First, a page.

Switch up shoes regularly. Get some for power walking, a pair for leg workouts, a pair for circuit training, and a pair for all other workouts. This helps to improve performance, minimize injury and add style to your workout.
5. Dental hygiene
I feel that some diseases can be prevented with simple dental hygiene. Try using a pre-rinse before brushing, a Sonicare brush (the old style just doesn’t cut it), floss (5x/wk), and then finish up with a Listerine rinse. I do this 2x daily (morning & before bed). My dentist has always been impressed with my Chiclets — and no cavities to date.
1. Eat a whole food, plant-based diet
“One who eats whole food will be strong & healthy.” – Okinawan Proverb
This includes plenty of veggies, fruits, beans, whole grains, nuts/seeds, and green tea each day. And don’t forget to observe hunger/fullness cues. If you’re not hungry when you start eating, how will you know when to stop?
2. Get physically active for at least 5 hours each week
Think of it as daily gym class. Find activities you enjoy. Free weights, body weight exercises, yoga, sports, stretching, high/low intensity conditioning, walking to work, biking to the store, jogging with the dog, soccer with the kids, dance class, etc.
3. Put others first
This can be volunteering, tithing, babysitting, picking up trash, smiling, complimenting, donating, helping, etc. Do this and life gets better.
4. Use natural/organic body products
Sure, what we eat/swallow is vital. But what about the items we use to brush, bath and moisturize? Our skin is our largest organ, what we apply to it enters our body.
5. Prioritize contemplation & sleep
Take time to meditate, contemplate and/or chill each day. Think about why you do what you do and how to improve. Challenge yourself to keep an open mind. Go outside in the fresh air and sun as much as possible – most stressors get tiny when we’re under a big blue sky. And aim for 7 to 9 hours of sleep each night.
Note from Ryan: All of these things matter when we do them with consistency, for life. And remember, engaging in positive daily habits is simple when you have incentive to do them.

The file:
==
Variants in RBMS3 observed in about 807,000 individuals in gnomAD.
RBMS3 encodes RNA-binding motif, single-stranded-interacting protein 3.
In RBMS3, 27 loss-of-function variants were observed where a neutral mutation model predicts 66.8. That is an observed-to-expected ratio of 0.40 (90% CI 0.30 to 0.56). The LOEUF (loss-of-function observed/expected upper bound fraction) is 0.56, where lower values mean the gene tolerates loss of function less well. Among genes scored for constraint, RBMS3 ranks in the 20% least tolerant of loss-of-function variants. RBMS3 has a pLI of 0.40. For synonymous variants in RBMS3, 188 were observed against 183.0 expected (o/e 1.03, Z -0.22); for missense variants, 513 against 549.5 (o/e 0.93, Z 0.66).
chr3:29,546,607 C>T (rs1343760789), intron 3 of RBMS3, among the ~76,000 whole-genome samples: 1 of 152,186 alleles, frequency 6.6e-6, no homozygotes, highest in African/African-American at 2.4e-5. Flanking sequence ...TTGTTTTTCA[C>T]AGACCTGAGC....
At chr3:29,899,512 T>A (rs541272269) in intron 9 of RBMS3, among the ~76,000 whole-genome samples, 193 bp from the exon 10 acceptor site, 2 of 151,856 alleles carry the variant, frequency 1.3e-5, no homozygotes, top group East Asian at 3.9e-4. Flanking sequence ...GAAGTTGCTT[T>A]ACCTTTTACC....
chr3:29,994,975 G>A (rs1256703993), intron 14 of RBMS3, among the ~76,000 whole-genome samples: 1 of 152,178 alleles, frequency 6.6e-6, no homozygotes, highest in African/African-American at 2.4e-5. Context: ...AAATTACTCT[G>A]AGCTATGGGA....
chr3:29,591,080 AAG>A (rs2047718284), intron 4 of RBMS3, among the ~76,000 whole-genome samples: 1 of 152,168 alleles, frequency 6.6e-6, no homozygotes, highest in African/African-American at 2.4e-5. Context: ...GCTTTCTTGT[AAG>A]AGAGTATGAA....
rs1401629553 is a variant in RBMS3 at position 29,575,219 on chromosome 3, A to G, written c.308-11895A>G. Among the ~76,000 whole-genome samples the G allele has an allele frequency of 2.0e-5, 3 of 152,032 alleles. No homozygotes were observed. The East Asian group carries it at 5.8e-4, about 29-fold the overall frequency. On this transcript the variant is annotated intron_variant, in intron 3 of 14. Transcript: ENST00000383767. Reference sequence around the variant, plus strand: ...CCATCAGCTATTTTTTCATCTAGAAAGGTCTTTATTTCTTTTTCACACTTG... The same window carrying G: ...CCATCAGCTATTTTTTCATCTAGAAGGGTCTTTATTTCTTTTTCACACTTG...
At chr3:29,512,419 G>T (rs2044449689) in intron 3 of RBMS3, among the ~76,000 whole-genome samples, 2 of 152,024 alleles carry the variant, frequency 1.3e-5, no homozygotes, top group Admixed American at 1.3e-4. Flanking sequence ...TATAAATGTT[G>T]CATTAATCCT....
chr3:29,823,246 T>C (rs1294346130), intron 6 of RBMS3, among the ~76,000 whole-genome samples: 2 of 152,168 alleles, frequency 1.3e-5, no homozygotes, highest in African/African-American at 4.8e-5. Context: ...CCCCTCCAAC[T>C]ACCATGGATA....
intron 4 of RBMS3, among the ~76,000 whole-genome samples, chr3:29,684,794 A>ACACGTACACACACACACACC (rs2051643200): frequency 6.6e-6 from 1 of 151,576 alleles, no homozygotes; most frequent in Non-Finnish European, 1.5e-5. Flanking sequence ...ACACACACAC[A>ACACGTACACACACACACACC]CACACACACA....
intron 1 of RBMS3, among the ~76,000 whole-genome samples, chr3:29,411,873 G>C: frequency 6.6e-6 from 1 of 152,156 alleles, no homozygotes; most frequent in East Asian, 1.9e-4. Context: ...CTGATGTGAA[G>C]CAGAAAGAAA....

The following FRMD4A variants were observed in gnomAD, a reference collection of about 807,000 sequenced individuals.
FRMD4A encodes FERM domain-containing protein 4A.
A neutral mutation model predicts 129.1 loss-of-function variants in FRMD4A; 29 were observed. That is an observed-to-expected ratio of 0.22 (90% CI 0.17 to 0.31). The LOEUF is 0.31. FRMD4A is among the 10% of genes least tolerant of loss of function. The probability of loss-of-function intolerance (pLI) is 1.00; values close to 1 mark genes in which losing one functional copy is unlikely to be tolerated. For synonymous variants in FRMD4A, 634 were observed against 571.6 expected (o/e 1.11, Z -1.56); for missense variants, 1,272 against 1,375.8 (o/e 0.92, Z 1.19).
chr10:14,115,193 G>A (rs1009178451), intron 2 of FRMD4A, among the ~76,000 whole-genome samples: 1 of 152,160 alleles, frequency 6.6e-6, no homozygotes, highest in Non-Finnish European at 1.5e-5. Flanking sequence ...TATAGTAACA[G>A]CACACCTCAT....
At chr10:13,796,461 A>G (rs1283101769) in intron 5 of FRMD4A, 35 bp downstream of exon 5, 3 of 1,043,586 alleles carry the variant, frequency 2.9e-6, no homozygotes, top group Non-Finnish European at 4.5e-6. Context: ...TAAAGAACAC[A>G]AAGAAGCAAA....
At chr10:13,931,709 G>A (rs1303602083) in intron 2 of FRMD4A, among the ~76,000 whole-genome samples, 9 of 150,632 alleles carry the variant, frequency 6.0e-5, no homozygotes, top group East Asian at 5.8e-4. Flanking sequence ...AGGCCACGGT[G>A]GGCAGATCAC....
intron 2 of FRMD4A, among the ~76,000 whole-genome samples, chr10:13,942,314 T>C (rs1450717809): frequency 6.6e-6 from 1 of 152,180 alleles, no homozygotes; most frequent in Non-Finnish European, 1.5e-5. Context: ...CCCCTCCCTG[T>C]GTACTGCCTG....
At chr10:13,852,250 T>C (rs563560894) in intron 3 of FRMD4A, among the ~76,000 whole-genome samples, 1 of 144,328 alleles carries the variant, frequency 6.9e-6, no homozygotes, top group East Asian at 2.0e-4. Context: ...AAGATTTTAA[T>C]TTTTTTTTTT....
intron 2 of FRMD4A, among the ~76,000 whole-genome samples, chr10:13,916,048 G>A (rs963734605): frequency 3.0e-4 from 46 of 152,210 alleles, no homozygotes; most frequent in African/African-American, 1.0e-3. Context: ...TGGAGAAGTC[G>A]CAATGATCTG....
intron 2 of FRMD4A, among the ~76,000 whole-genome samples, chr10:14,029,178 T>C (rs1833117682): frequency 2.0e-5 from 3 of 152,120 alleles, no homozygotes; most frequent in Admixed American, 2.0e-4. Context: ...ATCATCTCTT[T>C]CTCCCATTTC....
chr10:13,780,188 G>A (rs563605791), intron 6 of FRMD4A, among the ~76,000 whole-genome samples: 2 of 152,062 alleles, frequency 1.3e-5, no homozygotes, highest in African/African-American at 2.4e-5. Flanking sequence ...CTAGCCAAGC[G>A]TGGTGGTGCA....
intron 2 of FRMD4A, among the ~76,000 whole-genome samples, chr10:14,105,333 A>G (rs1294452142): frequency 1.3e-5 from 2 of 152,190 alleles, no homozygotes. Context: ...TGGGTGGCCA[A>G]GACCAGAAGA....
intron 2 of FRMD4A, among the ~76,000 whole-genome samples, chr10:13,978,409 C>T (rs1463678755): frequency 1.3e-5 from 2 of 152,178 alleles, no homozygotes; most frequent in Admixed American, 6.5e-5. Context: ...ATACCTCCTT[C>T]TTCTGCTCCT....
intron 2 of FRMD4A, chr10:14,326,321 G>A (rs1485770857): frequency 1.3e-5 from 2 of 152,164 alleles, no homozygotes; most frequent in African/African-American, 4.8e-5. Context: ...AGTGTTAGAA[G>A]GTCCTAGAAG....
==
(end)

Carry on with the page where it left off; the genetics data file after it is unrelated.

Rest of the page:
Erin Weiss Trainor
As much as I can, whenever I can. I walk the dogs, my kids to the sitter or school, to the store, just to get out of the house, or as an excuse to listen to my iPod. At least half of my weekly activity comes from walking.
2. Boost vitamin D
With the walking, I aim to get out a few times each day for Vit D; I supplement during the colder/shorter days of the year.
3. Manage stress
I adjust nutrition and training as levels of stress change, and based on tracking of recovery measures like sleep, energy, mood, etc.
4. Focus on quality of food
Make eating choices based on the most nutrient dense foods and those from local, organic and extensively farmed sources as much as possible.
5. Stay social
Making time to be with family and friends, even when life is busy, helps to keep health in balance.
Dr. Krista Scott-Dixon
Sleep more. Nuff said.
Purge stress ruthlessly from your life. 90% of it is either imaginary or self-imposed anyway.
3. Self care
Put health and self-care first on your priority list and mean it.
4. Get & stay lean
You don’t need to be a magazine cover model. Just carry an appropriate level of body fat for a healthy, fit person.
Connect meaningfully, lovingly and positively with others… and yourself.
Have a purpose. People without a purpose stay sicker and die sooner.
7. Green & leafy
If it’s green and leafy, eat lots of it.
Note from Krista: Sorry, I cheated. I couldn’t narrow it down to 5. But I’m not going to get stressed out over that (see #2) because these are important to share (see #6). Plus, Carter’s balances it out.
I don’t have 5 – but I have 2 that are extremely important.
1. Take ownership of yourself (body, mind, life, etc)
It isn’t about blame but it is about responsibility. It isn’t about fairness or deservedness but it is about consequence and accountability. At first this may seem gloomy and overwhelming but when fully appreciated it’s incredibly empowering.
2. Avoid anything that needs to label itself and/or sell you on the fact that it’s healthy, full of goodness, etc.
Chances are, if it needs to claim it’s healthy, it’s not.
Dr. Bryan Walsh
1. Clean living
Minimize exposure to toxins and chemicals.
2. Healthy eating
Whole, organic, unprocessed food.
3. Consistent movement
Regular, functional, sweat-producing exercise.
4. Balanced biochemistry
Blood sugar, gut health, stress physiology, brain function.
5. Happy spirit
Unending compassion, respect, and gratitude for yourself and others.